The following is an example of a statement of faith from the Bloomington Free Methodist Church: We strive to help people find Christ and live Christ-like lives. We present a positive and practical message that can be applied to every life.We believe:That the Bible is the inspired word of God.That there is one God, internally existent in three persons: God the Father, God the Son, and God the Holy Spirit.That Jesus Christ is the only Son of God, He was born of the Virgin Mary, He lived a sinless life, and He was crucified for our sins and rose again.That the most important thing in the entire world is a personal relationship with Jesus Christ and faith.That the Holy Spirit cleanses the believer from all sin and is living within us enabling the believer to live the Christian life.That a relationship with Christ comes only through God’s grace not by man’s effort and must be received personally by repentance.That the local church exits to encourage growth in every believer.That we should share Jesus Christ with our community and the world.

The Nicene Creed or the Apostle’s Creed also often serves as a statement of faith for a ministry.

We believe in one God, the Father, the Almighty, maker of heaven and earth, of all that is, seen and unseen. We believe in one Lord, Jesus Christ, the only Son of God, eternally begotten of the Father, God from God, light from light, true God from true God, begotten, not made, of one Being with the Father; through him all things were made. For us and for our salvation he came down from heaven, was incarnate of the Holy Spirit and the Virgin Mary and became truly human. For our sake he was crucified under Pontius Pilate; he suffered death and was buried. On the third day he rose again in accordance with the Scriptures; he ascended into heaven and is seated at the right hand of the Father. He will come again in glory to judge the living and the dead, and his kingdom will have no end. We believe in the Holy Spirit, the Lord, the giver of life, who proceeds from the Father [and the Son], who with the Father and the Son is worshiped and glorified, who has spoken through the prophets. We believe in one holy catholic and apostolic Church. We acknowledge one baptism for the forgiveness of sins. We look for the resurrection of the dead, and the life of the world to come. Amen.

ConclusionEvaluate your vision, mission, faith, and purpose statements with your staff and volunteer leadership. It will keep you on-track and make your ministry or church a focused, organized and efficient vehicle for Christ.

Sources: Andrews Presbyterian ChurchBill Birnbaum, CMC Christian Mission DeclarationsGary M. Grobman, Ocean City Baptist ChurchMarilyn Schwartz, CSPSmyrna Christian Church

Author Bio:Jeffrey J. Rodman is a Certified Fund Raising Executive (CFRE) and a Certified Grants Specialist (CGS). He is an experienced grantwriter, fundraiser, nonprofit executive, and public speaker who operates Here-4-You Christian Grant Consulting and Church Grant Writing providing consultation for grant writing to Christian ministries and Churches worldwide.

Jeffrey supervises a team of writers, researchers, editors, and administrative staff in providing consultation for grant proposal writing, nonprofit development, and fundraising in almost every state and a dozen foreign countries and has worked on proposals to Federal, State, and Local government as well as to Foundations, Civic groups, and many others.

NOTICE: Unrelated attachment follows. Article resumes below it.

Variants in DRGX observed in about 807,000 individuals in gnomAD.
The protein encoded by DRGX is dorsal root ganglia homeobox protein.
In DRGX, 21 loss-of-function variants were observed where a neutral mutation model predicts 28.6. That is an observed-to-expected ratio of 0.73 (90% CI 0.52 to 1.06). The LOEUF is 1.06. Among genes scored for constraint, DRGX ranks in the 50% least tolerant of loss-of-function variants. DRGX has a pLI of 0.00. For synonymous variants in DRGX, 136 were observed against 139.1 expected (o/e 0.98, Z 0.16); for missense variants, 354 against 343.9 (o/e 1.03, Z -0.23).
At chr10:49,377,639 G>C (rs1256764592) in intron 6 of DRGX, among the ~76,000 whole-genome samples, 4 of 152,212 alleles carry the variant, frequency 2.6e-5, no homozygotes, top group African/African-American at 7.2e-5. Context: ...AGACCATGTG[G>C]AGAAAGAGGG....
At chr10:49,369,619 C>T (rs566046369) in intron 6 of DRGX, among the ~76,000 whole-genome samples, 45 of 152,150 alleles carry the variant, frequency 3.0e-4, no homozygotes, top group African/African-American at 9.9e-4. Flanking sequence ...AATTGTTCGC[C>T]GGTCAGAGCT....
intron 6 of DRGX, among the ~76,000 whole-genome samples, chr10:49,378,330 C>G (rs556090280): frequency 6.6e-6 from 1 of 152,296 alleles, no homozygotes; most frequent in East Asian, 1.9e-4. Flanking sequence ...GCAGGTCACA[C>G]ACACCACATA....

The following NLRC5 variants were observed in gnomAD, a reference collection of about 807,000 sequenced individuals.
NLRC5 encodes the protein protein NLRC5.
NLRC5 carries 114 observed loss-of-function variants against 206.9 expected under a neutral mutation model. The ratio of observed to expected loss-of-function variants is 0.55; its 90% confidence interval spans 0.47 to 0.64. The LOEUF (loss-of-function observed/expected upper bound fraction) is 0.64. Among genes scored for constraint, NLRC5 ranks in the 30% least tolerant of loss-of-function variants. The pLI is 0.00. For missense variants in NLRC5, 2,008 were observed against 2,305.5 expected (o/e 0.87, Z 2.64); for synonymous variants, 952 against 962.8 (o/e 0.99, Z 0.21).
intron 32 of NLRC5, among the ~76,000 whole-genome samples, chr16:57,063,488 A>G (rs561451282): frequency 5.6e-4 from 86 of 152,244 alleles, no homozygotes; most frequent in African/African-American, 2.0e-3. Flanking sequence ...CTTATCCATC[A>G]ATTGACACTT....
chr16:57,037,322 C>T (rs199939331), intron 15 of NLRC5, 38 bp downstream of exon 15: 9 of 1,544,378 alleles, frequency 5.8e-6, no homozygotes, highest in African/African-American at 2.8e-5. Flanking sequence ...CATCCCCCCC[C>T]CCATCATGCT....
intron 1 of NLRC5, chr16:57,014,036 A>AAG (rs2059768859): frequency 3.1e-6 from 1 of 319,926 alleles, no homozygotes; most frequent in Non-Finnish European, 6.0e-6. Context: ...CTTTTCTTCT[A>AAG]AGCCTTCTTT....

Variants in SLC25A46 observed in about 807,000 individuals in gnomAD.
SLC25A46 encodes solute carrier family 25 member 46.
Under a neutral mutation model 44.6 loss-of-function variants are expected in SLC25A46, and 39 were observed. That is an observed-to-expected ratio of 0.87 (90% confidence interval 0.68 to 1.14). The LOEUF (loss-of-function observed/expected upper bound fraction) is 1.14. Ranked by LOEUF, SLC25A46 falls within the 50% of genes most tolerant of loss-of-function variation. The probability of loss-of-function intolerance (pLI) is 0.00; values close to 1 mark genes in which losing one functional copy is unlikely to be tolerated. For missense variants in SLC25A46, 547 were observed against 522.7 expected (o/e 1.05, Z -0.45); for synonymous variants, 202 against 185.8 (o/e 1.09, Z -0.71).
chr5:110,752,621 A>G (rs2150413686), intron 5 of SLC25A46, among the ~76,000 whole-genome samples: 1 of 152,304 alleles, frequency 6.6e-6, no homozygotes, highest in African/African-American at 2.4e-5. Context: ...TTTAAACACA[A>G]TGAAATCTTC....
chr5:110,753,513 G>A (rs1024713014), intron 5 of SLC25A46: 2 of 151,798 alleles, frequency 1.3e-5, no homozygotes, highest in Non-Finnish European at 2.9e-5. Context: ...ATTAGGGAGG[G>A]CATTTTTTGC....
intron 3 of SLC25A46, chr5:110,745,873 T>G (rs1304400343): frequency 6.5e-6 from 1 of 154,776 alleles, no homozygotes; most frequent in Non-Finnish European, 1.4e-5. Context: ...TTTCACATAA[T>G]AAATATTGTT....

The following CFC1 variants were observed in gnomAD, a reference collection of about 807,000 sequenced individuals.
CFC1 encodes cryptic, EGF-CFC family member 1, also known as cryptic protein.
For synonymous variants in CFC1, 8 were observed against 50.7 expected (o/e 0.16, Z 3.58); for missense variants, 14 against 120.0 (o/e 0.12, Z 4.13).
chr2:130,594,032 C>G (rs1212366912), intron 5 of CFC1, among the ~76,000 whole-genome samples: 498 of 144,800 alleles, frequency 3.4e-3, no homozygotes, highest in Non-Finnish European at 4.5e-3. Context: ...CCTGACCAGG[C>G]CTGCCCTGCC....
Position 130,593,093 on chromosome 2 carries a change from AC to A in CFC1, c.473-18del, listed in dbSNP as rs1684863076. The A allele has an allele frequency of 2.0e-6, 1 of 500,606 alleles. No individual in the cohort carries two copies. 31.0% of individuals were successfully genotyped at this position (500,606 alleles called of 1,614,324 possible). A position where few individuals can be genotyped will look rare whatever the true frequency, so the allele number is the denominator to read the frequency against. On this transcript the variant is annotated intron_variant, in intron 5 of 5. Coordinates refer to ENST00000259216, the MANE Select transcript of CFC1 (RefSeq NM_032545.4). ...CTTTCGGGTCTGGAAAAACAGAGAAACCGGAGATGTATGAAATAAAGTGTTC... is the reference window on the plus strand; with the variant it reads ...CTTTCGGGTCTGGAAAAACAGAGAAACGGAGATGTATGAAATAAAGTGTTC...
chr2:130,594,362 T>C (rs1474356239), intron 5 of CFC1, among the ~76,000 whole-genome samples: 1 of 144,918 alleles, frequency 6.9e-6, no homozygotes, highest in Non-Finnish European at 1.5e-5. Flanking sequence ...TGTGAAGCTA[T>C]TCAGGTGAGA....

Jeffrey received his BS and his M.Ed. from George Mason University. He has written hundreds of proposals, secured millions of dollars in funding, and maintains a funding rate of nearly 80%. He has successfully managed over 25 different grants as a grant administrator and has also served as a grant reviewer on a state, federal, and local level as well as on foundation review panels. Jeffrey is an experienced speaker and is a Certified National Trainer for programs in Ohio, Indiana, Georgia, Pennsylvania, and Florida.

Jeffrey loves to play games with his kids and enjoy time with his family. Although he grew up in New York, he has lived in Virginia since 1996 where he and his wife, Terri are raising and homeschooling their five children, Alexandra (12), Mackenzie (9), Christian (6) Kaitlyn (3), and Abigail (born 02/10/2010).

Here-4-You Christian Grant ConsultingJeffrey J. Rodman, CFRE, CGS, M.Ed.President & CEOWebsite: Blog: Phone: 1-866-HERE-4-U-1

EmailShareShow Comments


RELATED BLOGSJesus… The Venture Capitalist?STOP Watching Churches DieLove the Unlovable

RELATED VIDEOSDoes the Church Still Matter to White People?How Can Christians Stay Engaged With the Bible?Despite Violence, Faith of South Sudanese Stunning

NEXTMysteries for Poets and SkepticsHow to Defend Your Faith.Finding Great Grant Opportunities: How the Recession Economy has Changed Grant WritingGet Men to Church on…Mother’s Day?Back to Home


One of Billions; Unlike no other

It’s been awhile since I have written any new material. This time, these thoughts,  these words are written during my quiet time. They help me to organize ideas, endlessly streaming from some form of media. Don’t get me wrong, I am grateful for the advise I receive and the wealth of knowledge available at my fingertips. Yet I realized this evening how often I carelessly handle invaluable information. No matter how hard I try to remember,  something else quickly enters my ears and information I really needed evaporates.
This was the case with a story I received just recently. I can’t recall its’ entirity, but this much I did remember.